Q: (from Anthony)
I want to know the top issues (problems) in BitLocker and their solutions. What should I be aware of from an architectural perspective as well?
I’ve spent a lot of time with BitLocker and I think it has addressed a big need in our industry. With that said, of course BitLocker requires planning, and it has some unique concerns we need to be aware of.
Here are a few past articles that will help set the stage for the value of BitLocker
From an architectural perspective, there are a few things we need to consider. Instead of duplicating all of that here, I’ve listed a few key articles you should review.
- How do I use Active Directory for backup of BitLocker Drive Encryption recovery information?
- Windows Trusted Platform Module Management Step-by-Step Guide
- How can I tell if my BIOS supports BitLocker Drive Encryption?
As far as problems with BitLocker; the biggest problem I’ve seen in past issues is that the recovery key is not properly archived. Without that key, your data is lost in the event of a failure. With the recovery key, BitLocker will not hinder the recovery of data from a hard drive. If your computer is a member of Active Directory, archiving the key is straight forward. If your computer is not part of AD, you need to take some additional steps to either 1) print the recovery key(s) and store them in a safe place or 2) save the recovery key to a USB thumb drive and store the thumb drive in a safe place.
We also have the BitLocker Repair tool, the link to the instructions are here. The Repair tool is included with Windows 7 and Windows Server 2008 R2, for Windows Vista and Windows Server 2008, the tool can be downloaded here. Take note that the Repair Tool will not recover a recover key from a failed drive, it needs this recovery key to assist in troubleshooting.
I found a great article on the BitLicker Architecture:
It’s part of the over all BitLocker Drive Encryption Technical Overview, located here.
Here is a great FAQ on BitLocker, I think this article will address the majority of your concerns.
While all of this information is very useful as you architect your BitLocker solution, please pay special attention to these questions and responses in the FAQ:
Is the BitLocker recovery information stored in plaintext in AD DS?
Yes, the recovery information is stored unencrypted in AD DS, but the entries have access control lists (ACLs) that limit access to only domain administrators.
What if BitLocker is enabled on a computer before the computer has joined the domain?
If BitLocker is enabled on a drive before Group Policy has been applied to enforce backup, the recovery information will not be automatically backed up to AD DS when the computer joins the domain or when Group Policy is subsequently applied. (read on, this can be mitigated)…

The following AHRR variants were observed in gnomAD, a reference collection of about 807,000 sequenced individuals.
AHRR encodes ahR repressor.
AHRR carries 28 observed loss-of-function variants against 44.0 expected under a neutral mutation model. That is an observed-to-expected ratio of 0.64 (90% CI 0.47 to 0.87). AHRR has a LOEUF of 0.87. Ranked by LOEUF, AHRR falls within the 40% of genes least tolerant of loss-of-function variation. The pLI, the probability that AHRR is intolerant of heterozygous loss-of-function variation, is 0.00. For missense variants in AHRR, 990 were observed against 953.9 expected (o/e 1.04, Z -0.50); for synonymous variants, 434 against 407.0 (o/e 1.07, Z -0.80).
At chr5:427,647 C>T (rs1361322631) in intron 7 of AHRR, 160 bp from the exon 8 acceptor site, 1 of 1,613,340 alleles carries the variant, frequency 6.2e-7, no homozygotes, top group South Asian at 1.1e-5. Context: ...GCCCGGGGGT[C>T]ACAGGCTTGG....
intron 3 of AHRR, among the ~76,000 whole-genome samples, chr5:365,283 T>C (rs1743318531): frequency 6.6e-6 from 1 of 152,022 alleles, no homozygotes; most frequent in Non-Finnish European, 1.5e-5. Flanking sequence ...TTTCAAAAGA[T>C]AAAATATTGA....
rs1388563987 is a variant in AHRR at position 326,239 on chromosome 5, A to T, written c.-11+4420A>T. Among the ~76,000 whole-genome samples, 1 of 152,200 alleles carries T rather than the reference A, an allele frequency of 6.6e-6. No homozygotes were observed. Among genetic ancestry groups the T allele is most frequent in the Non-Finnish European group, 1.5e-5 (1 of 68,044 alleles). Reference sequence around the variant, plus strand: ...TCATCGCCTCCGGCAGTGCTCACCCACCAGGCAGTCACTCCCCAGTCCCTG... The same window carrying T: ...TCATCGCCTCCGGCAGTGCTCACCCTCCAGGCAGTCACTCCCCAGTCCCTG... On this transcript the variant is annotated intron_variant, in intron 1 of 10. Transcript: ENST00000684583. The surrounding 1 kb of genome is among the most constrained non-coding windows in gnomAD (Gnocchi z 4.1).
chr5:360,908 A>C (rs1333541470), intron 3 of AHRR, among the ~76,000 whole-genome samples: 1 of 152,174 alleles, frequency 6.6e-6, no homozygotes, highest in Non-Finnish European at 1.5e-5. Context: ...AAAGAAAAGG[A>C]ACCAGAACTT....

Is Microsoft pursuing any security certification for BitLocker?
BitLocker Drive Encryption in Windows Vista has Federal Information Processing Standard (FIPS) 140-2 certification. BitLocker is included in the Common Criteria (EAL4+) certification process for Windows Vista, Windows Server 2008, Windows 7, and Windows Server 2008 R2.
Can I access my BitLocker-protected drive if I insert the hard disk into a different computer?
Yes, if the drive is a data drive, you can unlock it from the BitLocker Drive Encryption Control Panel item just as you would any other data drive by using a password or smart card. If the data drive was configured for automatic unlock only, you will have to unlock it by using the recovery key. If it is an operating system drive mounted on another computer running Windows 7, the encrypted hard disk can be unlocked by a data recovery agent if one was configured or it can be unlocked by using the recovery key.
If I lose my recovery information, will the BitLocker-protected data be unrecoverable?
BitLocker is designed to make the encrypted drive unrecoverable without the required authentication. When in recovery mode, the user needs the recovery password or recovery key to unlock the encrypted drive. Therefore, we highly recommend that you store the recovery information in AD DS or in another safe location.
When it comes to recovering a hard drive after some type of hardware failure… Simply put, if you don’t have your recovery key, all you have left is a hard drive ready to be reformatted!
We also have a new tool, the BitLocker Administration and Monitoring tool that simplifies the provisioning and deployment of BitLocker.
I hope this helps.
Until next time,Rob